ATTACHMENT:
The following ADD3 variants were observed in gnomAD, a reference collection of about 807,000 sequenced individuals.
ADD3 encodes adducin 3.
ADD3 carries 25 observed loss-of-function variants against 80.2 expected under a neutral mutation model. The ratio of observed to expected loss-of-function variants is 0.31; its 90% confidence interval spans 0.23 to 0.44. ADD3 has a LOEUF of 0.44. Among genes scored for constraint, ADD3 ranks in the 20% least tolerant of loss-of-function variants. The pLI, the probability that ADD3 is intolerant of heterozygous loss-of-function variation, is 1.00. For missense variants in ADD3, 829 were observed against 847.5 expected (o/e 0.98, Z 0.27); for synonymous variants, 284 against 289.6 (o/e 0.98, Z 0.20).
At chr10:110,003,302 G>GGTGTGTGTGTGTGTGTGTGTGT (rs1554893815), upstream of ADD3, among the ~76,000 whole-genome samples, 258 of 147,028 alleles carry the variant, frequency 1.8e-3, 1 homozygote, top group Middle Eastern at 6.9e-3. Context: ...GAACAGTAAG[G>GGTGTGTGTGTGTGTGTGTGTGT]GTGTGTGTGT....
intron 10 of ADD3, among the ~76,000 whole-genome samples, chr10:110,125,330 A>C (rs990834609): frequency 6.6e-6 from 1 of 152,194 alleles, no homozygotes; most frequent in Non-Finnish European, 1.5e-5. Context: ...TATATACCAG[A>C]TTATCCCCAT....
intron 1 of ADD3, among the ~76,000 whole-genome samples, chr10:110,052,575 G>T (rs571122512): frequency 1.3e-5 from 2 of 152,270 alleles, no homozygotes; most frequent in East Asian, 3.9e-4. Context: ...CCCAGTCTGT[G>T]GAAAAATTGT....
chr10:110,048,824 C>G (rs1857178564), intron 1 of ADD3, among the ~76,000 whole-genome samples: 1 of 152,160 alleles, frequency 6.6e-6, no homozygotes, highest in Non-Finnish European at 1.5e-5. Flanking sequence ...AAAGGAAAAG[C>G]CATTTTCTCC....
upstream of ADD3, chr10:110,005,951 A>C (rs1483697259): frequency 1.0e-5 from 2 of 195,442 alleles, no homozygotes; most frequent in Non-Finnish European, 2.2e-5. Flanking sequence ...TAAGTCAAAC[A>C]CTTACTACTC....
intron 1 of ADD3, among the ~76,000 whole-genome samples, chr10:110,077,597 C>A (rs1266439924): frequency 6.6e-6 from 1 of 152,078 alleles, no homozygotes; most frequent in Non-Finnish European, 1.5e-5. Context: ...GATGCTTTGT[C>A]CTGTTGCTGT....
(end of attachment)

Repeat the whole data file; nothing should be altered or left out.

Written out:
The following ADD3 variants were observed in gnomAD, a reference collection of about 807,000 sequenced individuals.
ADD3 encodes adducin 3.
ADD3 carries 25 observed loss-of-function variants against 80.2 expected under a neutral mutation model. The ratio of observed to expected loss-of-function variants is 0.31; its 90% confidence interval spans 0.23 to 0.44. ADD3 has a LOEUF of 0.44. Among genes scored for constraint, ADD3 ranks in the 20% least tolerant of loss-of-function variants. The pLI, the probability that ADD3 is intolerant of heterozygous loss-of-function variation, is 1.00. For missense variants in ADD3, 829 were observed against 847.5 expected (o/e 0.98, Z 0.27); for synonymous variants, 284 against 289.6 (o/e 0.98, Z 0.20).
At chr10:110,003,302 G>GGTGTGTGTGTGTGTGTGTGTGT (rs1554893815), upstream of ADD3, among the ~76,000 whole-genome samples, 258 of 147,028 alleles carry the variant, frequency 1.8e-3, 1 homozygote, top group Middle Eastern at 6.9e-3. Context: ...GAACAGTAAG[G>GGTGTGTGTGTGTGTGTGTGTGT]GTGTGTGTGT....
intron 10 of ADD3, among the ~76,000 whole-genome samples, chr10:110,125,330 A>C (rs990834609): frequency 6.6e-6 from 1 of 152,194 alleles, no homozygotes; most frequent in Non-Finnish European, 1.5e-5. Context: ...TATATACCAG[A>C]TTATCCCCAT....
intron 1 of ADD3, among the ~76,000 whole-genome samples, chr10:110,052,575 G>T (rs571122512): frequency 1.3e-5 from 2 of 152,270 alleles, no homozygotes; most frequent in East Asian, 3.9e-4. Context: ...CCCAGTCTGT[G>T]GAAAAATTGT....
chr10:110,048,824 C>G (rs1857178564), intron 1 of ADD3, among the ~76,000 whole-genome samples: 1 of 152,160 alleles, frequency 6.6e-6, no homozygotes, highest in Non-Finnish European at 1.5e-5. Flanking sequence ...AAAGGAAAAG[C>G]CATTTTCTCC....
upstream of ADD3, chr10:110,005,951 A>C (rs1483697259): frequency 1.0e-5 from 2 of 195,442 alleles, no homozygotes; most frequent in Non-Finnish European, 2.2e-5. Flanking sequence ...TAAGTCAAAC[A>C]CTTACTACTC....
intron 1 of ADD3, among the ~76,000 whole-genome samples, chr10:110,077,597 C>A (rs1266439924): frequency 6.6e-6 from 1 of 152,078 alleles, no homozygotes; most frequent in Non-Finnish European, 1.5e-5. Context: ...GATGCTTTGT[C>A]CTGTTGCTGT....